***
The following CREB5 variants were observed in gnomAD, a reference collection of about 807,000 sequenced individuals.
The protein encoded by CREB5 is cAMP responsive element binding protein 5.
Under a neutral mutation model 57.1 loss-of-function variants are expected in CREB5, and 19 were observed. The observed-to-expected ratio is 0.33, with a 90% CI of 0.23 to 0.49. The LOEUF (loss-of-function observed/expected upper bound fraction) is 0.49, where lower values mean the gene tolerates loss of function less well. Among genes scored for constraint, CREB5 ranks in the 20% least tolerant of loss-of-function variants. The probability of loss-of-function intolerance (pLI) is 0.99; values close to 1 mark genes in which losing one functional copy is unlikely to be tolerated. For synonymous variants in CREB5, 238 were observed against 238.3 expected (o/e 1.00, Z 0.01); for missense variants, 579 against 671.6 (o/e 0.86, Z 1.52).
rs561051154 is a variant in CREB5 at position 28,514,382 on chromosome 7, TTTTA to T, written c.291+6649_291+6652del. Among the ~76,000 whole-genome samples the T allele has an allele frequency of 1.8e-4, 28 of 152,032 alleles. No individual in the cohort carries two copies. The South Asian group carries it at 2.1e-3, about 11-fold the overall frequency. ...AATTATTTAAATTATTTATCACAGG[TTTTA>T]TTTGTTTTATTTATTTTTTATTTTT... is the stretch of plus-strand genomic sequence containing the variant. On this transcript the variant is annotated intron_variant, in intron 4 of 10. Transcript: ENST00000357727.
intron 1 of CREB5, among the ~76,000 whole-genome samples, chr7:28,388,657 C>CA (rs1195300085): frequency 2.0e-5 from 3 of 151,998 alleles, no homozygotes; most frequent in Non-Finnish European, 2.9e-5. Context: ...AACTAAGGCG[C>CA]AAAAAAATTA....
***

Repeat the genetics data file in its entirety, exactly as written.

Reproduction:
The following CREB5 variants were observed in gnomAD, a reference collection of about 807,000 sequenced individuals.
The protein encoded by CREB5 is cAMP responsive element binding protein 5.
Under a neutral mutation model 57.1 loss-of-function variants are expected in CREB5, and 19 were observed. The observed-to-expected ratio is 0.33, with a 90% CI of 0.23 to 0.49. The LOEUF (loss-of-function observed/expected upper bound fraction) is 0.49, where lower values mean the gene tolerates loss of function less well. Among genes scored for constraint, CREB5 ranks in the 20% least tolerant of loss-of-function variants. The probability of loss-of-function intolerance (pLI) is 0.99; values close to 1 mark genes in which losing one functional copy is unlikely to be tolerated. For synonymous variants in CREB5, 238 were observed against 238.3 expected (o/e 1.00, Z 0.01); for missense variants, 579 against 671.6 (o/e 0.86, Z 1.52).
rs561051154 is a variant in CREB5 at position 28,514,382 on chromosome 7, TTTTA to T, written c.291+6649_291+6652del. Among the ~76,000 whole-genome samples the T allele has an allele frequency of 1.8e-4, 28 of 152,032 alleles. No individual in the cohort carries two copies. The South Asian group carries it at 2.1e-3, about 11-fold the overall frequency. ...AATTATTTAAATTATTTATCACAGG[TTTTA>T]TTTGTTTTATTTATTTTTTATTTTT... is the stretch of plus-strand genomic sequence containing the variant. On this transcript the variant is annotated intron_variant, in intron 4 of 10. Transcript: ENST00000357727.
intron 1 of CREB5, among the ~76,000 whole-genome samples, chr7:28,388,657 C>CA (rs1195300085): frequency 2.0e-5 from 3 of 151,998 alleles, no homozygotes; most frequent in Non-Finnish European, 2.9e-5. Context: ...AACTAAGGCG[C>CA]AAAAAAATTA....